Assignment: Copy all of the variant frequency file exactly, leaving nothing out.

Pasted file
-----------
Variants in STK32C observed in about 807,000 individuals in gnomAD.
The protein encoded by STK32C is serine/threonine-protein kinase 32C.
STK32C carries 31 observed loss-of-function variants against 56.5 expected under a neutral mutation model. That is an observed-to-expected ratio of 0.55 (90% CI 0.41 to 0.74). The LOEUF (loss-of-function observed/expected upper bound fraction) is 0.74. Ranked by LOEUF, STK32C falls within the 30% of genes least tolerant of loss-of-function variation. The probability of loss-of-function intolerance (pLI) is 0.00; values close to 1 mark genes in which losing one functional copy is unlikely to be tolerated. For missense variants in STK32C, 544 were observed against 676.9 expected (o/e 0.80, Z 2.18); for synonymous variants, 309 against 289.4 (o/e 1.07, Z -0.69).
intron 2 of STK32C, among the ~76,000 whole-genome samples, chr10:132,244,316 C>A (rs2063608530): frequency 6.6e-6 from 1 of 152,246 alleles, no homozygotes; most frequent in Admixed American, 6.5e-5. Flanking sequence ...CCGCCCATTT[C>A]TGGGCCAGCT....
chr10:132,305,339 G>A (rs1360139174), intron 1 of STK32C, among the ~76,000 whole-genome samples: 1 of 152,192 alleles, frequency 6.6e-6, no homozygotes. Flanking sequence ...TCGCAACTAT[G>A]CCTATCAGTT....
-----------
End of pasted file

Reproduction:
Variants in STK32C observed in about 807,000 individuals in gnomAD.
The protein encoded by STK32C is serine/threonine-protein kinase 32C.
STK32C carries 31 observed loss-of-function variants against 56.5 expected under a neutral mutation model. That is an observed-to-expected ratio of 0.55 (90% CI 0.41 to 0.74). The LOEUF (loss-of-function observed/expected upper bound fraction) is 0.74. Ranked by LOEUF, STK32C falls within the 30% of genes least tolerant of loss-of-function variation. The probability of loss-of-function intolerance (pLI) is 0.00; values close to 1 mark genes in which losing one functional copy is unlikely to be tolerated. For missense variants in STK32C, 544 were observed against 676.9 expected (o/e 0.80, Z 2.18); for synonymous variants, 309 against 289.4 (o/e 1.07, Z -0.69).
intron 2 of STK32C, among the ~76,000 whole-genome samples, chr10:132,244,316 C>A (rs2063608530): frequency 6.6e-6 from 1 of 152,246 alleles, no homozygotes; most frequent in Admixed American, 6.5e-5. Flanking sequence ...CCGCCCATTT[C>A]TGGGCCAGCT....
chr10:132,305,339 G>A (rs1360139174), intron 1 of STK32C, among the ~76,000 whole-genome samples: 1 of 152,192 alleles, frequency 6.6e-6, no homozygotes. Flanking sequence ...TCGCAACTAT[G>A]CCTATCAGTT....